Jenkins could potentially could concede this, but still argue that Scenario 1 trans-women are oppressed as a result. But Scenario 1 individuals generally do not seem to suffer nearly the extent of the oppression that publicly presenting trans-women face. This is because a large amount, perhaps a majority, of trans oppression is based on their public presentation. Jenkins herself describes trans people as “suffering oppression and injustice in multiple respects including discriminatory denial of goods such as employment, medical care, and housing; consistently negative portrayals in the media; and particularly high risks of violence”. Most of the things on this list are only experienced by publicly presenting trans-women.

However, though I believe this this account is a conceptually strong one, it may have troubling practical implications, particularly in regards to the way it treats Scenario 1 trans-women. Though it makes sense that people could be wrong about their gender identities, with Scenario 1 individuals being particularly at risk, real-world evidence suggests that this is rare. As McKitrick mentions, it is medically recommended that before engaging in physically-altering therapies, that the patient “has demonstrated a long-lasting and intense pattern of gender nonconformity or gender dysphoria”. In practice, this is seen through standards such as the once-used one-year RLE (real-life experience) requirement, where individuals live full-time in their preferred gender role, before gender re-assignment surgery is allowed. Studies however, suggest that RLE was unnecessary. This would imply that the actual social experience of being a woman, which Scenario 1 individuals lack, does not play a strong role in shaping gender identity. Other studies provide strong evidence that gender dysphoria is significantly influenced by biology in the majority of cases; if this is true, then the role that socialization plays on gender dispositions is further diminished. Thus, McKitrick’s account, though being conceptually sound, may not reflect reality accurately. There is also risk that certain people could use her account to justify questioning the gender identities of trans people, as well as use an argument such as “trans people may just be experimenting with their gender; it’s not permanent”. This kind of skepticism has proven to be harmful to trans people in the past and present. It is an unfortunate harm that McKitrick’s account could reinforce.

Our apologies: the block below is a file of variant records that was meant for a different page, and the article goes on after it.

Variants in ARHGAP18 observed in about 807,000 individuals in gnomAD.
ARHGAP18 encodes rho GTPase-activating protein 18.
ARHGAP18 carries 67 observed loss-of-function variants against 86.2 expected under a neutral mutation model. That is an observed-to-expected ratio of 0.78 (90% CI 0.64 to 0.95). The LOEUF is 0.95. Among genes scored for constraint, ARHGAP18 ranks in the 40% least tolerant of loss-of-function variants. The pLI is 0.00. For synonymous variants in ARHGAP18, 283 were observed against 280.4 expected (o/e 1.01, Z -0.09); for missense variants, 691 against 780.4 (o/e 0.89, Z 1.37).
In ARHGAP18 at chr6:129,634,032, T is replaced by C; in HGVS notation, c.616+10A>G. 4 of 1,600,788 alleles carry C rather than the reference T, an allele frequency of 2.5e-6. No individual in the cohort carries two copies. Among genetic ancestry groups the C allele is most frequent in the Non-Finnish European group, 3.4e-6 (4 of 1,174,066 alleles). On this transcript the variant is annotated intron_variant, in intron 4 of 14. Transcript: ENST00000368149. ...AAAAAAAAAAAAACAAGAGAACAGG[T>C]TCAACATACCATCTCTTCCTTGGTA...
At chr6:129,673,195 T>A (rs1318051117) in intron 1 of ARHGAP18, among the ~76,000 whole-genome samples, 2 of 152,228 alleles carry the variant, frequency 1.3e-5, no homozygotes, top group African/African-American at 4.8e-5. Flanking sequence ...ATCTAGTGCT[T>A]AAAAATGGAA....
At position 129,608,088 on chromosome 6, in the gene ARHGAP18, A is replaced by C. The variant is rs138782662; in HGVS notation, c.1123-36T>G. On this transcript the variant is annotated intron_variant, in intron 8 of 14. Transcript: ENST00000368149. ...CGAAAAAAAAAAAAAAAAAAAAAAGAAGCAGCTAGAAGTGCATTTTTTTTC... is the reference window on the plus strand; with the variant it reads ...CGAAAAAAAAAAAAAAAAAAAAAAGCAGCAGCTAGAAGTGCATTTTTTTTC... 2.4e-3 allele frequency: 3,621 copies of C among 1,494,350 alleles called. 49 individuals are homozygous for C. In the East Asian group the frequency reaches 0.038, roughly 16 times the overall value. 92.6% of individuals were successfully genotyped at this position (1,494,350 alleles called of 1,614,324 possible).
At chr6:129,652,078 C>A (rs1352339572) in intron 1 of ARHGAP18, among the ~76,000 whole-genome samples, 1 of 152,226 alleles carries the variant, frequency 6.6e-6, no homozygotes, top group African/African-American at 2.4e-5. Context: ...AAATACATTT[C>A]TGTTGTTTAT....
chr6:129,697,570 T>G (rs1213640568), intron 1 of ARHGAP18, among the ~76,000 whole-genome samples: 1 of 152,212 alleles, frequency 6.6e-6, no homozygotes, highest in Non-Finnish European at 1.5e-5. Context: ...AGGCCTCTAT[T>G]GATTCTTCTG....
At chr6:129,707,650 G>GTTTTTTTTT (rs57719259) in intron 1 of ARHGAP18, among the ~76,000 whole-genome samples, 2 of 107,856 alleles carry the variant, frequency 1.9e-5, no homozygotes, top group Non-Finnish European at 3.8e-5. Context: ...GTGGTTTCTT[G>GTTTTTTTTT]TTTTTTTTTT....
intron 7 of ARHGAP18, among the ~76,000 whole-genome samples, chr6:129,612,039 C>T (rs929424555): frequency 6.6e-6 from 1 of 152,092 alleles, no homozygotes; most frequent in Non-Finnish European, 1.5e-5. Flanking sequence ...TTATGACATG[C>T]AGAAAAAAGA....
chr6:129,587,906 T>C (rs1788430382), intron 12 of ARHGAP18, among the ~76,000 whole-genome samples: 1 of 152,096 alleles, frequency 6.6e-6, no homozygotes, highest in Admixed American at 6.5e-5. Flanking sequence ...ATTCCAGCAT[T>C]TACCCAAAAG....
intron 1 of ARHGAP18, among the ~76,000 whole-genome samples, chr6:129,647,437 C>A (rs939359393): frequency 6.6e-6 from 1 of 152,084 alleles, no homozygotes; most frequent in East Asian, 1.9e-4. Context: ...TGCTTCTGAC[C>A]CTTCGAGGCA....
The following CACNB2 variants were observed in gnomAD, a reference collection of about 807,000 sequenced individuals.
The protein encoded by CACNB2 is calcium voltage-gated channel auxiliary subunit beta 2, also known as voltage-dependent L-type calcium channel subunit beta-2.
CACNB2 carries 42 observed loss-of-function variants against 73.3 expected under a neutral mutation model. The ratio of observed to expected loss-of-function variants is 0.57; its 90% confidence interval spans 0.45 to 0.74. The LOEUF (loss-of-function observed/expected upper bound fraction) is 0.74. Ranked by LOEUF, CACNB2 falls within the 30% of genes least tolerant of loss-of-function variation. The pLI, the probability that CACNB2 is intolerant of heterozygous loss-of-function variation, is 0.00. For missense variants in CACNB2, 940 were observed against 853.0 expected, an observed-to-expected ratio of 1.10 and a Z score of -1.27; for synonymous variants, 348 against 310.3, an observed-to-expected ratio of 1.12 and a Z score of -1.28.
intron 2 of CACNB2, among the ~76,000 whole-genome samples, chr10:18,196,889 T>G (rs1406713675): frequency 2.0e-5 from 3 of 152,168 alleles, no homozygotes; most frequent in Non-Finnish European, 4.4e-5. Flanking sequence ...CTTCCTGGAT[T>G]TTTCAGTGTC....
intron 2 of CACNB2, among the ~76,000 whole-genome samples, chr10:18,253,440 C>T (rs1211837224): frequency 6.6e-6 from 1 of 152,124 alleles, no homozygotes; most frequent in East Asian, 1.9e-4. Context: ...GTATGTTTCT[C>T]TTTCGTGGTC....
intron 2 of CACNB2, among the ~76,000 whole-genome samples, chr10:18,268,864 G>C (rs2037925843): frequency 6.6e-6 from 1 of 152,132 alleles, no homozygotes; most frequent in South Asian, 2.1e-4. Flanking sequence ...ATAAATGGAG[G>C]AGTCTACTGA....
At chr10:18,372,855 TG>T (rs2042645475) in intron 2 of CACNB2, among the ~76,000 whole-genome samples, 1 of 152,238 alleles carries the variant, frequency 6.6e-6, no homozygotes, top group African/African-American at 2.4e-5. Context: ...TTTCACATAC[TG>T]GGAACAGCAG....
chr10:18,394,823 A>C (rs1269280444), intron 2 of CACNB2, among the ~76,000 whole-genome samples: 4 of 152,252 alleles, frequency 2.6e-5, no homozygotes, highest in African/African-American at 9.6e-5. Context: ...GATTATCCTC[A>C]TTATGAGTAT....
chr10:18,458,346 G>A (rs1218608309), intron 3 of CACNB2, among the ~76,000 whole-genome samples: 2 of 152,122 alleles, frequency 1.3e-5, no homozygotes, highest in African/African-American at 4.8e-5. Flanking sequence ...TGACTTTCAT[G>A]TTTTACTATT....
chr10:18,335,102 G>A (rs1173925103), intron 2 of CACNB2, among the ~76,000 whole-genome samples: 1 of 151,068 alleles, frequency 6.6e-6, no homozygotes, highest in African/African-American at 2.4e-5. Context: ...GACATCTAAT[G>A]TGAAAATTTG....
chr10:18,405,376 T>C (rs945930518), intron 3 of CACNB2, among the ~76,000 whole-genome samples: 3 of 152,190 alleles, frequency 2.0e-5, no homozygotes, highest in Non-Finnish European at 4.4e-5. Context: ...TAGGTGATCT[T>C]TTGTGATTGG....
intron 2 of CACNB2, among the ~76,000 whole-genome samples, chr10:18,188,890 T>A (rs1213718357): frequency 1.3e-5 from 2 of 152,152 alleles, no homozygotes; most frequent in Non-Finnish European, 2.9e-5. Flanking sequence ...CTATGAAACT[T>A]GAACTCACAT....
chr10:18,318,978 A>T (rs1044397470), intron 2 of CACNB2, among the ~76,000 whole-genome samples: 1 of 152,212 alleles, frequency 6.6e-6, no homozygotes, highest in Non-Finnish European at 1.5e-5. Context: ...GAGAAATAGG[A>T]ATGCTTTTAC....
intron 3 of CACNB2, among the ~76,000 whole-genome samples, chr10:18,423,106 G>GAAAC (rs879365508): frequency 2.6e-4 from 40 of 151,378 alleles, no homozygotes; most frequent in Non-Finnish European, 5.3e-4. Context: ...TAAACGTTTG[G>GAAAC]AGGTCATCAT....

Jenkins, Katherine. “Amelioration and Inclusion: Gender Identity and the Concept of Woman.” Ethics 126 (2):394-421

McKitrick, Jennifer. “A Dispositional Account of Gender.” Philosophical Studies: 172 (10):2575-2589

Burkett, Elinor. “What Makes a Woman?” The New York Times. The New York Times, 2015.

“SRS Without a One Year RLE:Still No Regrets.” SRS Without a One Year RLE: Still No Regrets (2001). Web. <;

Tannehill, Brynn. “Do Your Homework, Dr. Ablow.” The Huffington Post. Web. <>